None of this means that Republicans or conservatives can’t get elected today or in the future. The standing and fate of a regime transcends any one election. Jimmy Carter, after all, got elected in 1976. His presidency signaled not a resurgence of liberalism but its end. Not merely because the Reagan realignment came right after him, shattering the New Deal regime. But also because Carter’s presidency presaged, in so many ways, the realignment to come: his deregulation was an early warning signal of the morphing of Democratic liberalism into Reaganite neoliberalism; his funding of the Salvadoran regime, buildup of the MX Missile, and support for the mujahideen, were the first act of Reagan’s Second Cold War. So will there be elections in the coming years—perhaps one, maybe more—of Republicans and conservatives that signal not a resurgence of conservatism and the GOP but their end.

Donald Trump, I believe, is a symptom of that Republican free-fall. Should he be the nominee of the Republican Party—and I have every reason to believe that he will be—he will occupy the role, as I have argued, of George McGovern in the 1972 election.

And that is why I think all the concern—particularly among centrist liberals and some leftists—over the anti-Trump protests is so misplaced.

Labor leftist—and all-around good guy—David Moberg recently gave these concerns a particular historical spin:

Any greatly disruptive protests at the Cleveland Republican Convention would only feed into Trump’s plans. It is worth remembering the protests at the 1968 Democratic convention in Chicago (where both Katz and I were participants) ended up losing popular support for both the Democratic party and for the protesters. It was a turning point in the eventual unraveling of the New Left.

A repeat of Chicago 1968 outside the Cleveland Republican convention could simply reinforce Trump’s image as the strong man needed to control chaos at home and abroad.

Ultimately, Trump will win or lose through elections. (No putsch seems in the wings.) When people act in the streets they must conceive those actions in terms of how that will hurt him at the polls.

As I said, liberals and leftists have often failed to appreciate the power of the right. The converse of that failure, in the current moment, is that they don’t appreciate the weaknesses and limitations of the right. (Which is ironic, given that Moberg is writing in a publication called “In These Times.”)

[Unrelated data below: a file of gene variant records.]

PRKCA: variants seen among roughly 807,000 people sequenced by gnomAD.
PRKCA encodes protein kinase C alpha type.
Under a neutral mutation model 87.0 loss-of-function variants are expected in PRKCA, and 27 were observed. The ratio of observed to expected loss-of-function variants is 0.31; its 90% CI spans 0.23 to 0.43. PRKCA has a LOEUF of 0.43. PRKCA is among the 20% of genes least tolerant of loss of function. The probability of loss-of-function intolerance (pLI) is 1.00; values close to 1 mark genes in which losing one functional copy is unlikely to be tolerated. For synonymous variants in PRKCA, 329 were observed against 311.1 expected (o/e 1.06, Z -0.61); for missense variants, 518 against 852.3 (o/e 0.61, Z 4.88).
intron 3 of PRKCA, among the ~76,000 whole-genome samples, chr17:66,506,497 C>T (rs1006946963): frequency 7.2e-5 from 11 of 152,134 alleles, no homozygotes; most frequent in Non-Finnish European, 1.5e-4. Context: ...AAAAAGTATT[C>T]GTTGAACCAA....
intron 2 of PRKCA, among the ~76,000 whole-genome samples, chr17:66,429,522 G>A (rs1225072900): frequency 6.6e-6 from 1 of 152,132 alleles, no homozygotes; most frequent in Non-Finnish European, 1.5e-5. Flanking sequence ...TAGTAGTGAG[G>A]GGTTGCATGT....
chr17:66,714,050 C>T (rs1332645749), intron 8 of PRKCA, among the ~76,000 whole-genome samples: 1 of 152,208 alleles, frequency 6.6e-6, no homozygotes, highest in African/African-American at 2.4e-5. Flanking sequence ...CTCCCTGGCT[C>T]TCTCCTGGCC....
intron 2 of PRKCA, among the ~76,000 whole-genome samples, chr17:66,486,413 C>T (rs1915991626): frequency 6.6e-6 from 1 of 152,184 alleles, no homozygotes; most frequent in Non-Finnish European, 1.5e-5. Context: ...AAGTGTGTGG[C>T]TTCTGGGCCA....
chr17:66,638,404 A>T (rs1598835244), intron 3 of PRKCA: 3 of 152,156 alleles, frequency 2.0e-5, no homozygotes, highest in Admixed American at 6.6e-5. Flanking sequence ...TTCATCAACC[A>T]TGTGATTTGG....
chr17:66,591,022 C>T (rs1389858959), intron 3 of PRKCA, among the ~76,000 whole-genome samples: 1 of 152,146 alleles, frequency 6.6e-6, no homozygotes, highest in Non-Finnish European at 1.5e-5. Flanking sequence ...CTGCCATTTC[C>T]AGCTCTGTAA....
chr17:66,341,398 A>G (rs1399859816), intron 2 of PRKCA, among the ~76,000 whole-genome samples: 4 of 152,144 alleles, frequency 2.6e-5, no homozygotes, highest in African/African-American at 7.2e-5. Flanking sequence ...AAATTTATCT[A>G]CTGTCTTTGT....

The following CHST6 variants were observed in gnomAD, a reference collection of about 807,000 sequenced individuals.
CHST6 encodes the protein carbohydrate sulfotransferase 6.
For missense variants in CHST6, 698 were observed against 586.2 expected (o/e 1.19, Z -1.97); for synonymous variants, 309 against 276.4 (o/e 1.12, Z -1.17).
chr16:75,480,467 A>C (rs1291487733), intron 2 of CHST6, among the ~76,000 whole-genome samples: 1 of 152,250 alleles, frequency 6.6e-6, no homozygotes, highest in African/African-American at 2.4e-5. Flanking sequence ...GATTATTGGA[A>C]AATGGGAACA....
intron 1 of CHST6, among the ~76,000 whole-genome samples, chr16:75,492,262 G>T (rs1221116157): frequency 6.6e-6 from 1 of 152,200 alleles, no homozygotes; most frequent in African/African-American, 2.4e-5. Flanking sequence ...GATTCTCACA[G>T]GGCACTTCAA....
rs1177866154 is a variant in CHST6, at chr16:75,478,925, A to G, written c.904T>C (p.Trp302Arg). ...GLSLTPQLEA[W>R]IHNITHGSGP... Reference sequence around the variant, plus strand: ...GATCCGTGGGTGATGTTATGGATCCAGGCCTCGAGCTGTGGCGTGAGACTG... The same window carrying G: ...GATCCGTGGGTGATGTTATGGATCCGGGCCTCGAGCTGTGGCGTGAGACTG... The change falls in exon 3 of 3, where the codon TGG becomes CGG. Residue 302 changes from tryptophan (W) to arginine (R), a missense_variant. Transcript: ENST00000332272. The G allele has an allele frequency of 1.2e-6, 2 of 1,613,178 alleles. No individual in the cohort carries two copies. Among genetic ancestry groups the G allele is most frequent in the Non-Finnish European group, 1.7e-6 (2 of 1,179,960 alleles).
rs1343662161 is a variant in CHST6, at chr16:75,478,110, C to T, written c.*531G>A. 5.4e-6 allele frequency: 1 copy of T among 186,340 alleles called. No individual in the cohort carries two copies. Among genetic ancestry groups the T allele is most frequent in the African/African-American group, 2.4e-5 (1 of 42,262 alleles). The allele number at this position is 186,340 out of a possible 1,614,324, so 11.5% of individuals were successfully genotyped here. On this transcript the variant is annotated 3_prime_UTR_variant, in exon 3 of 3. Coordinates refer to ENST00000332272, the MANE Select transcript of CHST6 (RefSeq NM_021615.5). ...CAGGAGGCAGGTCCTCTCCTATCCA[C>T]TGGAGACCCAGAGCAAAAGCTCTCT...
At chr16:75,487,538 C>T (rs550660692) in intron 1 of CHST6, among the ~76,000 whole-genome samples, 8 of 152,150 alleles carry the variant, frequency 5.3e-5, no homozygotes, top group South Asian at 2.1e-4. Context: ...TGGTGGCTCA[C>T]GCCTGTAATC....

That’s an occupational hazard among liberals and leftists of a certain generation—those, like Moberg, who may have participated in the protests at the 1968 DNC Convention or who watched them from afar. Either in support, which they’ve since come to reconsider, or in horror. These are men and women who remember, perhaps too well, the fratricide on the left and the conflicts between liberals and the left, and who now fear that they’re seeing a repeat performance, with irresponsible ultra-radicals in the streets antagonizing the virtuous silent majority in the suburbs who will simply run headlong into the arms of the right.

But what these liberals and leftists forget is that the right has been in the driver’s seat for the last four decades. No one—save some on the left—is under the illusion that the left has much if any real power. When there is violence or disruption at a Trump rally, it is not a referendum on a fraying postwar liberal consensus. It is instead a judgment on the Reagan regime: a regime that is on the ropes, and whose warriors now seem to be the ones who are pushing for violence, who are embracing lawlessness, who seem so disorderly. As Seth Ackerman pointed out to me in an email, onlookers may not like the protesters, but it’s very likely that they’ll blame Trump for them. In the same way that many people didn’t like what the Chicago police did in 1968 but nonetheless blamed the protesters.

Trump’s rivals for the GOP nomination certainly seem to understand this; they blame Trump. Would that liberals and the left did as well. But the reason Trump’s rivals get it is because they’ve not given the left much thought in recent years. They don’t see us as a threat, and rightly so. One day they will. But we’re not there yet.

So if something violent or disruptive should happen at the Republican Party convention in Cleveland this summer, it will not be a replay of the Democratic Party convention of 1968—that moment when liberalism, at its greatest point of power, fractured so wildly and perilously. It will be a replay in reverse: as that moment when conservatism, at its greatest point of power, fractures so wildly and perilously. Again, this is something that conservatives of all stripes understand. And why they are so fearful about the coming months—and are mooting ever more desperate fantasies of escape.